· February, 2015

Stories about Censorship from February, 2015

13 February 2015

In Putin's Russia, a Retweet Can Lead to a Jail Term

Even a retweet of an image or a republished post may cost Russian citizens unfettered access to the Internet—and often, their freedom.

10 February 2015

Turkey Cites National Security as it Cranks Up Internet Controls

Courts offer citizens occasional protection from Ankara's vicious war on freedom of expression and privacy, so government is looking for laws that bypass them.

9 February 2015

Is Iraq Restricting Speech on Facebook?

Local sources say escalating fights online among political parties and sects since last week's execution of Jordanian pilot Muath al-Kasasbeh may have led to the new policy.

Twitter's New Transparency Report Shows Massive Spike in Demands from Russia

"We went from having never received a request to receiving more than 100 requests for account information. We did not provide information in response to any," Twitter's report says.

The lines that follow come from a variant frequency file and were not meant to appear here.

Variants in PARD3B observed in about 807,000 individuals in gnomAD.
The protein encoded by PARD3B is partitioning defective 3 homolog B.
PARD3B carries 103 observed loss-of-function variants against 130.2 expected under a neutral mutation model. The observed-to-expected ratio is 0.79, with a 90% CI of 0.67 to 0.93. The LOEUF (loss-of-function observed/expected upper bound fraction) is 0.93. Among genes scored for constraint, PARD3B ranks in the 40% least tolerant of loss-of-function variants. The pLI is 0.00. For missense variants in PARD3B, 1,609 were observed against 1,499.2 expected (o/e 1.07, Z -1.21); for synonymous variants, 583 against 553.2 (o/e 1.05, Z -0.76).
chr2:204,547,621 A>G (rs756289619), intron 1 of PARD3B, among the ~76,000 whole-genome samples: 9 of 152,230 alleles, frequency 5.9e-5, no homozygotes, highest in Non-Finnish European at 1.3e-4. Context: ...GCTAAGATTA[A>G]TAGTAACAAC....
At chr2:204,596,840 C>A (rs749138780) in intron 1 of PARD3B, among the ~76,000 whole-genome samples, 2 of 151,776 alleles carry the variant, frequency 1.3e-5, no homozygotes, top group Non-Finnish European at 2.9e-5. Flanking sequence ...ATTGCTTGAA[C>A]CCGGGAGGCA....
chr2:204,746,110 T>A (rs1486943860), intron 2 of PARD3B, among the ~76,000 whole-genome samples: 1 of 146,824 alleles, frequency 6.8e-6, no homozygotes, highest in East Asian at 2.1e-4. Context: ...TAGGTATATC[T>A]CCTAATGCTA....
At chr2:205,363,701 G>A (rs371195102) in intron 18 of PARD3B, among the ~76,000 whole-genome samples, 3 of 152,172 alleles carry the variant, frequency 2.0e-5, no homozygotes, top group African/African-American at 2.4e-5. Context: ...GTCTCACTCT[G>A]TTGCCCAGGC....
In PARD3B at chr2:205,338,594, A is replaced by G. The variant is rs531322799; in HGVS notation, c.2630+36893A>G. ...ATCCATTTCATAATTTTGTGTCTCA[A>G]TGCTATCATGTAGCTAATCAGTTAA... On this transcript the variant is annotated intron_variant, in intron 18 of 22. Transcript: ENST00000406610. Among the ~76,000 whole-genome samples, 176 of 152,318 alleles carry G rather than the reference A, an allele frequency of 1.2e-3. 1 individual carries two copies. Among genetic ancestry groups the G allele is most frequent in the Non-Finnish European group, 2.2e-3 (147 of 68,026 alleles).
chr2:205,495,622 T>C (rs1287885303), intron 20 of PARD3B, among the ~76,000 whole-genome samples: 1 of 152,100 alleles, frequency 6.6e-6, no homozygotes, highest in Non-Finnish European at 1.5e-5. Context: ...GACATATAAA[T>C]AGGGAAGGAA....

‘We Need to Be Careful Even of What We Think': Self-Censorship in Venezuela

"Since the start of the protests, I had been mapping online censorship and helping people use encrypted communication tools. When the police came, I got up, scared to the bone."

4 February 2015

Who Do We Lose with Internet Censorship and Control?

"Through Internet censorship and control we lose an ability to be our own secret human – the one we are when nobody is around."

The Macedonian Government Clamps Down on Filming Protests With Drones

Drone-made videos and photos were instrumental in demonstrating the size of a recent massive student protest, which has been called the largest student protest in Macedonia since independence.

The Collapse of Media Freedom in Bulgaria

The state of media freedom has progressively worsened in Bulgaria in recent years. In 2014 the country plunged 13 places on the Reporters Without Borders' World Press Freedom Index.

3 February 2015

Thailand’s Digital Economy Bills Could Worsen Media Repression

Some civil society organizations are calling the draft digital economy bills “national security bills in disguise” because of their repressive provisions.

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